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Posts tagged ‘strategy’

Leveling Tool

Internal Strategy for Your External-facing Online Community

Level-setting Your Organization

Your online community will ultimately have two strategies, a community member strategy; what’s in it for your members, and an enterprise strategy; what’s in it for you as the organization. I am going to address the latter with this blog post. Not so much the importance of having a strategy, but more of what it should contain. I think we can all agree that by definition, strategies are important, duh.

The strategy doesn’t have to be, nor should it be this long winded document with a bunch of legalese. Make it straight and to the point. Since online community interaction spans all departments, it needs to be easily understood by all levels of your organization; from senior executives to the most recent hire. It should aim to level-set your organization and take away the guess work and assumptions your colleagues may have of why you have an online community, what you’re trying to achieve, and how you’re going to get there.

Here’s an outline of what your internal strategy document should contain:

  1. What is your online community? – This should be your elevator pitch. A short summary that defines your online community and its value proposition.
  2. Why an online community? –  Address why you’re establishing an online community. The community must satisfy a need. Were your customers, internal or external, asking for one? Are you looking for support cost savings? Do you want to connect more closely with your customer-base? List all those needs as if you’re building a case.
  3. How did you get to this point?  – Somewhere along the way, you did your homework and surveyed your customers on whether they are or would participate in an online community. Take this opportunity to back up your strategy with some key points from that exercise.
  4. How will your online community complement your business? – Online communities won’t entirely replace existing processes. In most cases, they’ll act as an additional channel for you and your customers to interact. You’ll need to communicate how an online community will not cannibalize certain job functions and instead, complement them.  
  5. Who will benefit? – Obviously, the answer is your internal and external customers. But be specific. Identify the exact department and an ROI metric if possible.

Do you have an internal strategy document? What would you add to this outline?


Your Online Community is Your Hub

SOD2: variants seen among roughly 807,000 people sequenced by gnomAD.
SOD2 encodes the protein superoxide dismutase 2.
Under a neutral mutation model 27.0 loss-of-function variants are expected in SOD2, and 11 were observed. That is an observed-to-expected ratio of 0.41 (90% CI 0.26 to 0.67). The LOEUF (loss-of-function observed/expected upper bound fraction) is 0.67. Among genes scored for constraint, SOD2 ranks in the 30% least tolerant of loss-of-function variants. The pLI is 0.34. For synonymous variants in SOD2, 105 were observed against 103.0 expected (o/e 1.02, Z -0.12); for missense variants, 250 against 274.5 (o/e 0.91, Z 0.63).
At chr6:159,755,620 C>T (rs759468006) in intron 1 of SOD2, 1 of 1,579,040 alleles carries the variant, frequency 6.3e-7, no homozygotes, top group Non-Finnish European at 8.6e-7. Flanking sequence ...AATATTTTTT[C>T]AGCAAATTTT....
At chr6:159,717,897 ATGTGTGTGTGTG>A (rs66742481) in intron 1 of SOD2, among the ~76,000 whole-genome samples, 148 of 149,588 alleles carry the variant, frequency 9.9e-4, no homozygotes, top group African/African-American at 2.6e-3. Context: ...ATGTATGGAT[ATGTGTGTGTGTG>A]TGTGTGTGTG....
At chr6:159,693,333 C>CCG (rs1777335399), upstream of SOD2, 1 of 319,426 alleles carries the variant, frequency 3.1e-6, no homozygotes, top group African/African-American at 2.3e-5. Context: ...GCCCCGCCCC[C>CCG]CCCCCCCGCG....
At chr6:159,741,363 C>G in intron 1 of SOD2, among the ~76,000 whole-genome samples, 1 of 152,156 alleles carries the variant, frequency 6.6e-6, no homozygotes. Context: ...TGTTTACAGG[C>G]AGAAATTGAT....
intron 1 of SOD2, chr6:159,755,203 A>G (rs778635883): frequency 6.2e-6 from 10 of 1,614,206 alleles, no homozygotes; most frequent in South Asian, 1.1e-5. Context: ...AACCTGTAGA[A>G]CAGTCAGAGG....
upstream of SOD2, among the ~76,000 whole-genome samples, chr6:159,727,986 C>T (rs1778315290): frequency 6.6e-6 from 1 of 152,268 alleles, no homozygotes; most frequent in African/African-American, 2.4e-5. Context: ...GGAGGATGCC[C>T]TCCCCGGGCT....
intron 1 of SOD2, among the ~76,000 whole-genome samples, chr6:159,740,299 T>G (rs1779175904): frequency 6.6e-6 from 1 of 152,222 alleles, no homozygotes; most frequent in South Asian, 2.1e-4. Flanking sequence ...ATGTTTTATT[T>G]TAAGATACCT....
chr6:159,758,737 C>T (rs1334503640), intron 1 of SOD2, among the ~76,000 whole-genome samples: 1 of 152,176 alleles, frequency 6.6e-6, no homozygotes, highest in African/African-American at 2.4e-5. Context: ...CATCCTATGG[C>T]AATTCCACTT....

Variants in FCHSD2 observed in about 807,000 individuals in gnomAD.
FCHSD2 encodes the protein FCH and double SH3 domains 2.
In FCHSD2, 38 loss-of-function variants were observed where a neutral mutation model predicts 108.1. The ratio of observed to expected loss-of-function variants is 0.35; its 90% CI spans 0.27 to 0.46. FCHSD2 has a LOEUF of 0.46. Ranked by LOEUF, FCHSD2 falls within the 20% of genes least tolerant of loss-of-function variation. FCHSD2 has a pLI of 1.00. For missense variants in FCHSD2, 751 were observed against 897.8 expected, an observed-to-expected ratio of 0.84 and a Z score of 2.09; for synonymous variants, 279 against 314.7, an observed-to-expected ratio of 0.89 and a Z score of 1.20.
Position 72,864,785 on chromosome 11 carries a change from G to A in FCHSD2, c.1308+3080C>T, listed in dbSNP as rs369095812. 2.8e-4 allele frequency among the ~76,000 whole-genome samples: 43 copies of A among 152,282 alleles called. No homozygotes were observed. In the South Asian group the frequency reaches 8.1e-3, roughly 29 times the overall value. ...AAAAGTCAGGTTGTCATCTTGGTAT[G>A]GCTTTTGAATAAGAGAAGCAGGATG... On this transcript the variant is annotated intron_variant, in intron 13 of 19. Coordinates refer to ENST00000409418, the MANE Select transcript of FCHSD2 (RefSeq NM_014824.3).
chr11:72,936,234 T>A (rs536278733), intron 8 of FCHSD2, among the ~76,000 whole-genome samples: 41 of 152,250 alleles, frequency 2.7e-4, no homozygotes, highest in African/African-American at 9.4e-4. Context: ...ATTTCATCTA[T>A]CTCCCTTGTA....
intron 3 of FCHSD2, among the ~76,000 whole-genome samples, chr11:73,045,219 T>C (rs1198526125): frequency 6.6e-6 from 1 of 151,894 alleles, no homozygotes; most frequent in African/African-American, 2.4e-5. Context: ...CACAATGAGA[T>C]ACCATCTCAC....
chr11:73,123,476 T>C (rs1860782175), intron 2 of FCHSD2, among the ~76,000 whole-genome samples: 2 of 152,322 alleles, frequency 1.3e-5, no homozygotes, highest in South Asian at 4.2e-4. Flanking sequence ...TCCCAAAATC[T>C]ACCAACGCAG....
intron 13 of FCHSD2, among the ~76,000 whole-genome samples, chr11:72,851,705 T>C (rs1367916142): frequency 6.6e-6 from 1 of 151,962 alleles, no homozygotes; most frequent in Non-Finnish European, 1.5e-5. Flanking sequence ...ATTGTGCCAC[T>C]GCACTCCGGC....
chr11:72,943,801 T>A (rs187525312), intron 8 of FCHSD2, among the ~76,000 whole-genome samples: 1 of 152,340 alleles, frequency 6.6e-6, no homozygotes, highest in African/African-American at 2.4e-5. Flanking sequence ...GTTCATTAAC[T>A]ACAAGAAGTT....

In more aggressive terms, your online community is like an octopus. Your first reaction to this metaphor is probably to take offense. Because let’s face it, an octopus isn’t exactly one of Mother Nature’s cutest creations. But don’t take this personally. This is a positive comparison. What I’m referring to is how an octopus behaves in the wild.  It uses its six arms…let me digress for a minute. You’ll notice I said ‘six’ and ‘arms’. I recently learned that octopuses have A) arms and legs, not tentacles and B) six arms for manipulation and two legs for push-off propulsion.

Ok, let’s get back to the point. An octopus uses its six arms to gather food and manipulate objects. Ultimately returning those objects to the center of its body to feed or observe further. This is very much how your community works. You have social media channels like Twitter, Facebook, Instagram, Snapchat, and LinkedIn. These are the “tentacles.” You cast these tentacles out into the web because you know your customers spend their time talking about your brand in those communities and networks and you want to show a presence and take part in those conversations. This is great. But the ultimate goal should be to pull them back to your community and have the conversations on your home turf where it’s more easily managed and you hold control. They don’t call it “home-field advantage” for nothing.  

This is a new play on the old “Hub and Spoke” business model. That model is archaic in my opinion. It’s too passive. So try providing value as you normally would when engaging your customers.  And as a final call to action, mention “Hey we have a great example of that on <insert your community here>.” You’ll see an uptick in pageviews, registrations and participation the more you practice the octopus model.

Are you effectively pulling customers back to your community? Have you tried the “octopus” model?